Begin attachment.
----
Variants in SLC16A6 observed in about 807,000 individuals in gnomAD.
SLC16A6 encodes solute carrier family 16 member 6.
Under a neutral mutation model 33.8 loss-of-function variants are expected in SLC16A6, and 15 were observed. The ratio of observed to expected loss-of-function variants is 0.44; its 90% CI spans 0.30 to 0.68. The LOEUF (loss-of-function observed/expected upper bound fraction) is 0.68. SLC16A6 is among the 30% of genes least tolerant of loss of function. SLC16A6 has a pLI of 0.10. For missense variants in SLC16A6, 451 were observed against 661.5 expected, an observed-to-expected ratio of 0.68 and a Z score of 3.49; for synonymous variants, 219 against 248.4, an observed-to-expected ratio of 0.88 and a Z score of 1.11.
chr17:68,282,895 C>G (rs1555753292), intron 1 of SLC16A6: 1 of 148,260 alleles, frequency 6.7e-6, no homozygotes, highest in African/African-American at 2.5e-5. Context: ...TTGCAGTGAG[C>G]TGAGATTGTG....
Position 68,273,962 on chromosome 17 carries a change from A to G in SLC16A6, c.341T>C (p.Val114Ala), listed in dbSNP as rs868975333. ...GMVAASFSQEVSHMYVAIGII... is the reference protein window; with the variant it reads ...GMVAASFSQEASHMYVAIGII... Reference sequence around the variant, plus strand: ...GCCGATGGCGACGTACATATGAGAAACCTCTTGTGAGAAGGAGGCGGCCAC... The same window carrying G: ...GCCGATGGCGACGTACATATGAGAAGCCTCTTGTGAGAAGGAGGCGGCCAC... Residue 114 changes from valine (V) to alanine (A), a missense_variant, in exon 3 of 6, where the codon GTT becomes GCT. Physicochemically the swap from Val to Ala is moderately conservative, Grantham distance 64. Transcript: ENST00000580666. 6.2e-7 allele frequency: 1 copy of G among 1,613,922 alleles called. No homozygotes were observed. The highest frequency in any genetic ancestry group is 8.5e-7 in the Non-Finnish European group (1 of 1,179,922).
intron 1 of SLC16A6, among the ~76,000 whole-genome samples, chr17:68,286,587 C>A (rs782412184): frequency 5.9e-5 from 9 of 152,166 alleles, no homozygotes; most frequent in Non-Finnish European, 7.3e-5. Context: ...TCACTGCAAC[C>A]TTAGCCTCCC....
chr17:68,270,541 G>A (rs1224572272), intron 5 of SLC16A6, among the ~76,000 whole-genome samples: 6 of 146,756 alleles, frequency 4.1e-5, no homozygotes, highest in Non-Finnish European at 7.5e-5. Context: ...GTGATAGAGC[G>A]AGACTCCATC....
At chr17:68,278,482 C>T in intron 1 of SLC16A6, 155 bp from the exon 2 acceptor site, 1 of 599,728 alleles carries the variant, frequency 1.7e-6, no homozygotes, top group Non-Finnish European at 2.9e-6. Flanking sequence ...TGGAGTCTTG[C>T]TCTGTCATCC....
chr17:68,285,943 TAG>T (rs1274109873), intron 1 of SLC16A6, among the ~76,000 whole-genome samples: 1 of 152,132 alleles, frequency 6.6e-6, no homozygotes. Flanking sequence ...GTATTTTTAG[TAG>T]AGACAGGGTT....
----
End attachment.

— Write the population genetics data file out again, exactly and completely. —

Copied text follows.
Variants in SLC16A6 observed in about 807,000 individuals in gnomAD.
SLC16A6 encodes solute carrier family 16 member 6.
Under a neutral mutation model 33.8 loss-of-function variants are expected in SLC16A6, and 15 were observed. The ratio of observed to expected loss-of-function variants is 0.44; its 90% CI spans 0.30 to 0.68. The LOEUF (loss-of-function observed/expected upper bound fraction) is 0.68. SLC16A6 is among the 30% of genes least tolerant of loss of function. SLC16A6 has a pLI of 0.10. For missense variants in SLC16A6, 451 were observed against 661.5 expected, an observed-to-expected ratio of 0.68 and a Z score of 3.49; for synonymous variants, 219 against 248.4, an observed-to-expected ratio of 0.88 and a Z score of 1.11.
chr17:68,282,895 C>G (rs1555753292), intron 1 of SLC16A6: 1 of 148,260 alleles, frequency 6.7e-6, no homozygotes, highest in African/African-American at 2.5e-5. Context: ...TTGCAGTGAG[C>G]TGAGATTGTG....
Position 68,273,962 on chromosome 17 carries a change from A to G in SLC16A6, c.341T>C (p.Val114Ala), listed in dbSNP as rs868975333. ...GMVAASFSQEVSHMYVAIGII... is the reference protein window; with the variant it reads ...GMVAASFSQEASHMYVAIGII... Reference sequence around the variant, plus strand: ...GCCGATGGCGACGTACATATGAGAAACCTCTTGTGAGAAGGAGGCGGCCAC... The same window carrying G: ...GCCGATGGCGACGTACATATGAGAAGCCTCTTGTGAGAAGGAGGCGGCCAC... Residue 114 changes from valine (V) to alanine (A), a missense_variant, in exon 3 of 6, where the codon GTT becomes GCT. Physicochemically the swap from Val to Ala is moderately conservative, Grantham distance 64. Transcript: ENST00000580666. 6.2e-7 allele frequency: 1 copy of G among 1,613,922 alleles called. No homozygotes were observed. The highest frequency in any genetic ancestry group is 8.5e-7 in the Non-Finnish European group (1 of 1,179,922).
intron 1 of SLC16A6, among the ~76,000 whole-genome samples, chr17:68,286,587 C>A (rs782412184): frequency 5.9e-5 from 9 of 152,166 alleles, no homozygotes; most frequent in Non-Finnish European, 7.3e-5. Context: ...TCACTGCAAC[C>A]TTAGCCTCCC....
chr17:68,270,541 G>A (rs1224572272), intron 5 of SLC16A6, among the ~76,000 whole-genome samples: 6 of 146,756 alleles, frequency 4.1e-5, no homozygotes, highest in Non-Finnish European at 7.5e-5. Context: ...GTGATAGAGC[G>A]AGACTCCATC....
At chr17:68,278,482 C>T in intron 1 of SLC16A6, 155 bp from the exon 2 acceptor site, 1 of 599,728 alleles carries the variant, frequency 1.7e-6, no homozygotes, top group Non-Finnish European at 2.9e-6. Flanking sequence ...TGGAGTCTTG[C>T]TCTGTCATCC....
chr17:68,285,943 TAG>T (rs1274109873), intron 1 of SLC16A6, among the ~76,000 whole-genome samples: 1 of 152,132 alleles, frequency 6.6e-6, no homozygotes. Flanking sequence ...GTATTTTTAG[TAG>T]AGACAGGGTT....